The bill payment pressure cooker  

Unsurprisingly, this same PYMNTS Intelligence report finds that 85% of consumers say that inflation has had a negative impact on their financial health.

Sixty two percent of the middle class — those earning between $50,000 and $100,000 — say their income has either decreased or stayed the same over the last 12 months. Nearly 70% of those earning less than $50,000 say they are in the same boat. This is the same group of consumers who’ve seen their personal cash cushion plummet by a third over the last twelve months. Women, who often play the role of household CFOs, are more worried than men about the impact of inflation on their financial well-being and that of their households.

Sixty-two percent of consumers now live paycheck to paycheck, a number that has spiked a bit since last month, but largely stayed consistent for the last six. Consumers have learned to manage within the constraints of their paychecks and their increasingly expensive monthly financial obligations.

But these same consumers are now dealing with a different paycheck reality.  In addition to higher prices, consumers are facing an increase in mortgage, auto and rent payments, adding a couple of hundred dollars or more each month to service their debt. Credit card interest rates are spiking, raising the monthly minimums and the overall cost of their purchases.

According to PYMNTS Intelligence, nearly half (49%) of consumers say that they have trouble paying their bills the way they once did. That’s an increase of 7% since this time last year.

And the way they once did was to prioritize certain bills above all others and pay them, in full, at the end of the month.

Today, consumers are adapting by making partial payments, something that 41% now say they do. Three in ten consumers make partial payments on their credit card bills, the highest level since the start of the year.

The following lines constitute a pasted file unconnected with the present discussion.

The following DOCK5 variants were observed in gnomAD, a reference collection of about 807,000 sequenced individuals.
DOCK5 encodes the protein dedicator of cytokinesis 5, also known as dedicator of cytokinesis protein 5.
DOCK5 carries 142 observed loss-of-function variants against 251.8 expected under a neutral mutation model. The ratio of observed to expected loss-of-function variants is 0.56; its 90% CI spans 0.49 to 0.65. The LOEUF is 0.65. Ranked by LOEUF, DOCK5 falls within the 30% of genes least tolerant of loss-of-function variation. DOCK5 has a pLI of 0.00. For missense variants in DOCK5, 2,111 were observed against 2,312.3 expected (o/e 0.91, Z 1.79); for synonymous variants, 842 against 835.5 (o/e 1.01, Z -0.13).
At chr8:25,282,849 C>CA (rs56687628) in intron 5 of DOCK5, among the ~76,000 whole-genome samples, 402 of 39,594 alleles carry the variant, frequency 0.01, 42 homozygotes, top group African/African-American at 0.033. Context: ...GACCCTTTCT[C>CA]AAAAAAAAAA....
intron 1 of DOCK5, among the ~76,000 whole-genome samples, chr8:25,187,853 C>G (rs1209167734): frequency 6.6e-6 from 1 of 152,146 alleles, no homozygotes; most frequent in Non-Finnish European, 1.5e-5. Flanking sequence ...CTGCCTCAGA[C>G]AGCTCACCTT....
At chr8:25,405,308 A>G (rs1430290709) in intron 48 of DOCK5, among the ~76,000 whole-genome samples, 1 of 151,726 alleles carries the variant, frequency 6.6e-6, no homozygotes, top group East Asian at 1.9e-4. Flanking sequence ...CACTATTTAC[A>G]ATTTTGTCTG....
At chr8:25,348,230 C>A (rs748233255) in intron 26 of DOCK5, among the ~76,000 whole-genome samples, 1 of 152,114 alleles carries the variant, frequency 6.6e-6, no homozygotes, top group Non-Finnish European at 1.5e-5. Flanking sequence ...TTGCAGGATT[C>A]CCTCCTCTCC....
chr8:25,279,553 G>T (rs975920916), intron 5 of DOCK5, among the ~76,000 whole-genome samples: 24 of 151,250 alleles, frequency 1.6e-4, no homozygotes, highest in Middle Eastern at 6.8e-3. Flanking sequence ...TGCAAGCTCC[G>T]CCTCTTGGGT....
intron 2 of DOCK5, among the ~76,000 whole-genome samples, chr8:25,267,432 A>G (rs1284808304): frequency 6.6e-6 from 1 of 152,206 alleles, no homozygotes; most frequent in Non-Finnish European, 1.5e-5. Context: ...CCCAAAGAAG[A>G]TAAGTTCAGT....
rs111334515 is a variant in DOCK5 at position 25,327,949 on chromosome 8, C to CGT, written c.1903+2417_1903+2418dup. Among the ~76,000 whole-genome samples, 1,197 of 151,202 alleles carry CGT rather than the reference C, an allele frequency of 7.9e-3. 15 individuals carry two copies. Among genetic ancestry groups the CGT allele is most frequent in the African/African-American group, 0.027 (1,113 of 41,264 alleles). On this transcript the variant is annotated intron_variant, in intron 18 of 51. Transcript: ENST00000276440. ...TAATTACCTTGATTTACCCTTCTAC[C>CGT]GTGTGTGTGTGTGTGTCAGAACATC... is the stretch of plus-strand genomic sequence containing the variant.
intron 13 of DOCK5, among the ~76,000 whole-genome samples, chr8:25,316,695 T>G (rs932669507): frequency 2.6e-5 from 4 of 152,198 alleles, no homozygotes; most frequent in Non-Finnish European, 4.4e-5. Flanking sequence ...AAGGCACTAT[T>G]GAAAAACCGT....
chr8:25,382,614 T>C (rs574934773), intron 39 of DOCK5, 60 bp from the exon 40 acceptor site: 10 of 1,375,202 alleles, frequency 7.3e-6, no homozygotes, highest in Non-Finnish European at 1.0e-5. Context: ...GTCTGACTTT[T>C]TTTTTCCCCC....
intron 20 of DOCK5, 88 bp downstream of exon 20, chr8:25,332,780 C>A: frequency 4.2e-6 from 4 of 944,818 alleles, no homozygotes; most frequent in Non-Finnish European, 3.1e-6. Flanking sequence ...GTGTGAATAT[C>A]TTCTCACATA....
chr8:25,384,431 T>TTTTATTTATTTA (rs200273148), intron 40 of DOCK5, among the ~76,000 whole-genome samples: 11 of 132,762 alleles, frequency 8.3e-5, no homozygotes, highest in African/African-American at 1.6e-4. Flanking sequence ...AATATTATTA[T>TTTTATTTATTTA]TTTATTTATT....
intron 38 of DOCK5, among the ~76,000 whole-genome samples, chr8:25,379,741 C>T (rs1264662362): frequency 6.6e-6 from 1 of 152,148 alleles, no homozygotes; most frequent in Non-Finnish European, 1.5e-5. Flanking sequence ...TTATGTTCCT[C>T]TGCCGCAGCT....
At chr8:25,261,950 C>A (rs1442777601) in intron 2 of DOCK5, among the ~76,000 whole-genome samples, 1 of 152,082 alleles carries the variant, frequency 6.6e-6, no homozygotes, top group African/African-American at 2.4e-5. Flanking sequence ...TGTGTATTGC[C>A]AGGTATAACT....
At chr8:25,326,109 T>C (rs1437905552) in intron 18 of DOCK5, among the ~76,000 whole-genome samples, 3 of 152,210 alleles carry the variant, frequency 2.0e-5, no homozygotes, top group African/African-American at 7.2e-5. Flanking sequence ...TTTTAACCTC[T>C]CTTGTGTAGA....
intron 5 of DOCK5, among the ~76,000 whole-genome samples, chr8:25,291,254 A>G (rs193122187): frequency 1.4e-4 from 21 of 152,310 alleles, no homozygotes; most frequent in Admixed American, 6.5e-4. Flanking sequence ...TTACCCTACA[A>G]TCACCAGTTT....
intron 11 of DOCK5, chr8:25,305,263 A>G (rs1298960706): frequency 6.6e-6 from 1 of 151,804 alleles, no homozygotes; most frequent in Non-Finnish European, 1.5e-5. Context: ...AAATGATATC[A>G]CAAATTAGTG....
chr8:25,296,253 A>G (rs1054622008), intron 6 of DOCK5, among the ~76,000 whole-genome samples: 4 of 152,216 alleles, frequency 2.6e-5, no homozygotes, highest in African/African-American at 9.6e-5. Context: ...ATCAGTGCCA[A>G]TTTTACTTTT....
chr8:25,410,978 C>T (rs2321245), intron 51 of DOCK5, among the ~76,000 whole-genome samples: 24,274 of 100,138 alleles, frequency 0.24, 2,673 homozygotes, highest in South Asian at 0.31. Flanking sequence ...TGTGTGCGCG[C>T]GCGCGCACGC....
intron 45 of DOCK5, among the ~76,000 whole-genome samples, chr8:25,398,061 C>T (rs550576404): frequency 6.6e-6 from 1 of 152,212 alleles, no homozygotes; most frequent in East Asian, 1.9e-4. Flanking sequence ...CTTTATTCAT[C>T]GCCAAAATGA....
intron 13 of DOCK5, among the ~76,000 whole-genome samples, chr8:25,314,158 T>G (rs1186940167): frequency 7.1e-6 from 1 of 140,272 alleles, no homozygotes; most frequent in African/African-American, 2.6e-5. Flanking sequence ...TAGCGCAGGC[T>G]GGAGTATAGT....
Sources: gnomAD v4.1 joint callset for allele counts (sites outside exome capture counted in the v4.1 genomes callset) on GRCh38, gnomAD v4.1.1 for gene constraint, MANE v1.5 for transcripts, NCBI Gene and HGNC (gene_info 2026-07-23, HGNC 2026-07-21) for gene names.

Consumers have also reprioritized the order in which they pay their bills.

After paying their rent or their mortgages, consumers rack and stack their payments based on how essential the service is to them: power/water, mobile phone, internet, and insurance in the event of a catastrophic loss rounded out the top five a year ago. Credit cards came next, and digital media and memberships (think fitness, weight loss) are dead last.

Where the rubber meets the road in 2023 and beyond is what consumers say they will do if money gets really tight. This is where more consumers say they’d make partial payments instead of prioritizing the payment in full of one bill over another. We see the biggest shift in how consumers say they will make credit card payments: a third fewer consumers say they’d prioritize making their credit card payments over another bill. Somewhat surprisingly, the same is true for mobile phones and home internet services. Retail subscriptions look remarkably durable, even as streaming services, digital media and membership services all look like they are ready for the chopping block.

Consumers would opt to do the minimum to keep their accounts in good standing for the services or products they view as essential until the economy or their financial circumstances improve.

It’s all that many may be able to do.

Why payments should care

Anyone who has lent or is lending money to consumers, like many do in the payments and financial services sector, needs to pay attention to how consumers are feeling the pinch of rising prices. It is far more multifaceted and variable than anything you can glean from the CPI reports.

And the Fed, and other policymakers who want to change consumer behavior to help steer the economy to a good place, should not overfocus on the mythical average consumer for whom the CPI, and other measures of inflation rates, apply. Instead, they must consider the masses of consumers who do not fit the average. For them, seeing should be believing, too.